The Malaki government is a just a front for Shia Militia's? Then please explain how 400 members of Al Sadr's militia as well as six key officers were arrested just this past weekend? The government in Iraq represents every single ethnic and religious group in the country. Its only been in power for 8 months, and you expect it to have achieved more than countries that take decades to solve such problems. What you don't understand is that MOST people in Iraq have nothing to do with the Iraqi insurgency, militia's or Al Quada, and if the Iraqi military is given the time and support needed to grow into a compentent military force, the coalition military will be able to withdraw, security will improve, which in turn will help bring about better economic and political conditions through out the country. But its a process that takes 10+ years and requires the continued military, economic and political support of the coalition. In addition, you cannot simply look at one part of the country, Baghdad, and continue to pretend that what happens in Baghdad happens all over Iraq. The United States military has continued to stress that 90% of the sectarian violence in Iraq happens in just one city, Baghdad.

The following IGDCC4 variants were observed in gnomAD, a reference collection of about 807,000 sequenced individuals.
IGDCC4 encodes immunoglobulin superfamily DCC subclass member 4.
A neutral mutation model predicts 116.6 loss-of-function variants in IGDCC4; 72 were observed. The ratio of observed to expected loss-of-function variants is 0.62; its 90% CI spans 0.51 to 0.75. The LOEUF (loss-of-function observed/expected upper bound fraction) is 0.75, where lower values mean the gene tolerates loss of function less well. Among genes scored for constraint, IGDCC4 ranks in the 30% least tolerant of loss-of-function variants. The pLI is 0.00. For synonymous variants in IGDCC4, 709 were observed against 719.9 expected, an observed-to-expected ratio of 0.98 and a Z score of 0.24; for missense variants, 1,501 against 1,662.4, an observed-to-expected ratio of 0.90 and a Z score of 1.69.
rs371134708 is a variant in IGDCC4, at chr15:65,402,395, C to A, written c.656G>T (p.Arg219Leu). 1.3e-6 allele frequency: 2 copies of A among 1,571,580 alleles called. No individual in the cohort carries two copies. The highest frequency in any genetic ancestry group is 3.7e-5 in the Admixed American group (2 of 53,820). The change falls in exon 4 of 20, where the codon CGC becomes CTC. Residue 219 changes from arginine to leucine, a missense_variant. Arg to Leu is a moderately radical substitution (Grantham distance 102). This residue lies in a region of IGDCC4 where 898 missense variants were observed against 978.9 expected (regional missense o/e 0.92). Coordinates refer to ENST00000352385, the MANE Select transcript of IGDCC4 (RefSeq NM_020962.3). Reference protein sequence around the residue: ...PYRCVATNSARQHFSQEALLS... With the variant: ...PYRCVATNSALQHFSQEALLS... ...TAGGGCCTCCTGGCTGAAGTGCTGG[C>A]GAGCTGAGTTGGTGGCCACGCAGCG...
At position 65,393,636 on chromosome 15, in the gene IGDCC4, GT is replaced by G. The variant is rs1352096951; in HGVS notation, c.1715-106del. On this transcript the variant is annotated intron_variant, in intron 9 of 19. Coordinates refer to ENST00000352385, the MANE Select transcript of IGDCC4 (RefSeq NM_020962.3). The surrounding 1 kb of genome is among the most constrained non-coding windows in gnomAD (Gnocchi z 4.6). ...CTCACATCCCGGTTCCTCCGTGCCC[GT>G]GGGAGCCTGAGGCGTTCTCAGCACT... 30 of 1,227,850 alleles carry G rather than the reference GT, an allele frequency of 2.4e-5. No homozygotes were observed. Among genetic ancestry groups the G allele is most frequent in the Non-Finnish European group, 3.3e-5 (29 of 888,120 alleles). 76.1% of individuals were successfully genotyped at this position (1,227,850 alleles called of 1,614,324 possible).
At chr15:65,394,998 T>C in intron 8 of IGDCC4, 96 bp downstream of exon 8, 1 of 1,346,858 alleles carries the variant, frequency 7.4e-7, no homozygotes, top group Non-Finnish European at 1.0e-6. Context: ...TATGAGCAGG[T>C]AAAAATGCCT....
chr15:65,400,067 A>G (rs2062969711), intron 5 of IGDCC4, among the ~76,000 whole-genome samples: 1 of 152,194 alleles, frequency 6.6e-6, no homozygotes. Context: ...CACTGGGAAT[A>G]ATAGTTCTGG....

But no, lets continue to call a process that takes 10+ years to work a failure just after 3 years. Lets continue to expect miracles of a government that has only been in office 8 months. Iraq is further ahead than Afghanistan on so many of these fundamental issues, yet Afghanistan is considered a success or simply not mentioned. If you support a withdrawal from Iraq for what ever the reason, you should also be supporting a withdrawal from Afghanistan as well.